Minimize Climate Change Monitoring

Deriving products and data records of several physical variables from satellite measurements has been highly recommended by the 2010 Update of the Implementation of Plan for the Global Observing System for Climate in Support of the UNFCC1 (GCOS-138, August 2010; the 'IP-10' - WMO, 2010). These variables are defined as Essential Climate Variable (ECV).

Following this recommendation, two products from SLSTR contribute to the Global Observing System for Climate, providing the following parameters.

  • Sea Surface Temperature (SST) remains an essential input for the understanding of the climate system on different time scales. This knowledge is needed for several applications: validation of climate-model, initialisation and constraint of seasonal and decadal prediction systems, computation of air sea fluxes of heat, moisture, gas and momentum, estimation of net air-sea flux of carbon, monitoring of marine biodiversity and habitat properties.
  • Burned area, active fire detection and Fire Radiative Power (FRP) datasets are components of Fire Disturbance. Active fire methods provide more possibilities than those offered by 'burned area' maps: detection and quantification whilst a fire is still burning. It also permits the possibility of assessing the fire's rate of radiative heat release (i.e. the FRP, related to the rate of fuel consumption and smoke emission).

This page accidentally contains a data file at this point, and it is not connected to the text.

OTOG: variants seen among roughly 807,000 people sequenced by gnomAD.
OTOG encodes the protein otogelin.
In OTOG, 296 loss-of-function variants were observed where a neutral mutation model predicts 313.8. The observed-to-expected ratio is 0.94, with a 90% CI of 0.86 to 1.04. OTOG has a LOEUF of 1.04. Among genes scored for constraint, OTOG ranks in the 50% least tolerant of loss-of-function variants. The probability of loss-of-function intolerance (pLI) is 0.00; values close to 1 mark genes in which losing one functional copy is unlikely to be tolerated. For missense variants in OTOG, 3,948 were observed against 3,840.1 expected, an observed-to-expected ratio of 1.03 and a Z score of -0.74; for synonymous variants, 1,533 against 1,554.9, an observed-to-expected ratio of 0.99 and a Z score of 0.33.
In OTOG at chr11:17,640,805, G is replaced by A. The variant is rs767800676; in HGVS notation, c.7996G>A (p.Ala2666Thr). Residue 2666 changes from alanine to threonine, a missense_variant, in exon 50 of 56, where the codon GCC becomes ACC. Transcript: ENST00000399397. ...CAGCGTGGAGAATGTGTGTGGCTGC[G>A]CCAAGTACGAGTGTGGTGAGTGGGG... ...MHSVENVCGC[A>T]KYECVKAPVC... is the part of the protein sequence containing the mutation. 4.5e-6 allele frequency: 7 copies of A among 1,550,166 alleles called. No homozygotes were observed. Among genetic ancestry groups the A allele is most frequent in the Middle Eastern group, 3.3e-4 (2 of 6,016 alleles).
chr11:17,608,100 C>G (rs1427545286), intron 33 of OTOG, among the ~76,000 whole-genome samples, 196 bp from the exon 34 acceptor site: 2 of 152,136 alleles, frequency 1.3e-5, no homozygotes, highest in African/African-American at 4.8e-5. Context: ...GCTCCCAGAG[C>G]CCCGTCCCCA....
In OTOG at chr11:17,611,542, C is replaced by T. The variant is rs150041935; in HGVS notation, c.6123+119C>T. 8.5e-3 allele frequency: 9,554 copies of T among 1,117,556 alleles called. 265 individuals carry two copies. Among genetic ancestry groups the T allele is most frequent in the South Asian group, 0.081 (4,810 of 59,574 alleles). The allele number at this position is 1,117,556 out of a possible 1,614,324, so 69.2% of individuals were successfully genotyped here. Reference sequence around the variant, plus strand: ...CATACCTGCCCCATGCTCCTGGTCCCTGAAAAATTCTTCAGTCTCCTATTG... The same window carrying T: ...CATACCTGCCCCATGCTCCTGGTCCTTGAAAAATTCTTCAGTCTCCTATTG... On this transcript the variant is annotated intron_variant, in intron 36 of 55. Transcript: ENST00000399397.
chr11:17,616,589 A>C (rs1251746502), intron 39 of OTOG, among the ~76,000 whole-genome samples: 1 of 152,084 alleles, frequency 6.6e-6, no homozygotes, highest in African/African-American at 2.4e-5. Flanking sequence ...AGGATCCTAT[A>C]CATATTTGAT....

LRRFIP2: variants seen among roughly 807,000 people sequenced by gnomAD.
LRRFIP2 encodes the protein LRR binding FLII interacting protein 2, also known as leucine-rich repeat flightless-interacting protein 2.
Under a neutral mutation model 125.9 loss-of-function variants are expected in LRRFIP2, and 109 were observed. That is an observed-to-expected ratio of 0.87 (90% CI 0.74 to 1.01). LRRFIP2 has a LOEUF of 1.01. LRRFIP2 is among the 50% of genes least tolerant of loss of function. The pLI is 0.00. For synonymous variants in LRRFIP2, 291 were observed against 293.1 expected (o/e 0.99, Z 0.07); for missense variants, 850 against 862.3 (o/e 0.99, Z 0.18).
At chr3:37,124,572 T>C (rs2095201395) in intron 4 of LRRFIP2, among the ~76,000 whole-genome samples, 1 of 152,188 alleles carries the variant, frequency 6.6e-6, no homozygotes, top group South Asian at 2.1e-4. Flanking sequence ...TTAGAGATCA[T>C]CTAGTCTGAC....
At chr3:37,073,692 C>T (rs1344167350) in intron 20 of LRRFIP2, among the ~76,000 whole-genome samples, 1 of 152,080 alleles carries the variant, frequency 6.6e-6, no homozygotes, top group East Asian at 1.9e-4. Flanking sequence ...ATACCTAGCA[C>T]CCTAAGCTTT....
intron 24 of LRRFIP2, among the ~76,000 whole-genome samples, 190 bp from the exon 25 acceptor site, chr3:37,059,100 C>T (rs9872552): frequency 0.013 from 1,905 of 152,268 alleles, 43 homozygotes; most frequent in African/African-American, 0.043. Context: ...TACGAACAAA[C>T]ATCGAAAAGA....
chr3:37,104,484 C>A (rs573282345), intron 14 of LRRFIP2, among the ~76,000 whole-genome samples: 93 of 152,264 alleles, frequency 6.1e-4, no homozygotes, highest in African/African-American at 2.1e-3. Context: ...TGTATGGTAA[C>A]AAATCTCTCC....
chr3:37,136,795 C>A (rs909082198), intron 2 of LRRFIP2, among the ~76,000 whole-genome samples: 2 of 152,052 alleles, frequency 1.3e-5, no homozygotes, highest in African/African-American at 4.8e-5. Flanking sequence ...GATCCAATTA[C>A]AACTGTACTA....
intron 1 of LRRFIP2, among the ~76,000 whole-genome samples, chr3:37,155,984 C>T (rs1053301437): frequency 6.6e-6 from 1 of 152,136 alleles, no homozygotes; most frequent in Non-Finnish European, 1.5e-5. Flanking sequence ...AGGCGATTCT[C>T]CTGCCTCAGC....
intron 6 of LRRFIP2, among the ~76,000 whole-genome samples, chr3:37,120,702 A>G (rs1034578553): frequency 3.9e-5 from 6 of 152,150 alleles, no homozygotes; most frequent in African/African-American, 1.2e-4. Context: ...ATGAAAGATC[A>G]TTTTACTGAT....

• Even if Land Surface Temperature (LST) is not considered an ECV, its high value in the determination of surface energy, water fluxes and interpretation of surface characteristics make this parameter essential in the "Global Observation System for Climate". Indeed, the nature of the diurnal temperature variations is linked to vegetation and moisture characteristics of the land surface. As a consequence, the LST derived from SLSTR measurements support the generation of land ECVs (see product T.12 in Systematic observation requirements for satellite-based data products for climate).
  • Even if they are minor constituents of the atmosphere by mass, atmospheric aerosols have a major impact on climate, and particularly on climate change. By scattering and absorbing radiation, aerosols have a direct influence on global radiation balance and an indirect impact on cloud reflectivity, cloud cover and cloud lifetime. Anthropogenic aerosols have been identified as the most uncertain climate forcing constituent by the IPCC.
    The aerosols ECVs are built on by gathering (not exclusively, but mainly) information on aerosol optical depth, light scattering and absorption coefficients, aerosol size distribution and vertical distributions of aerosol backscattering and extinction. Although it is not a core product in the ground segment specification, SLSTR has been designed to provide information on Aerosols Optical Depth (AOD).

For further information about climate applications and services available, see: Copernicus website.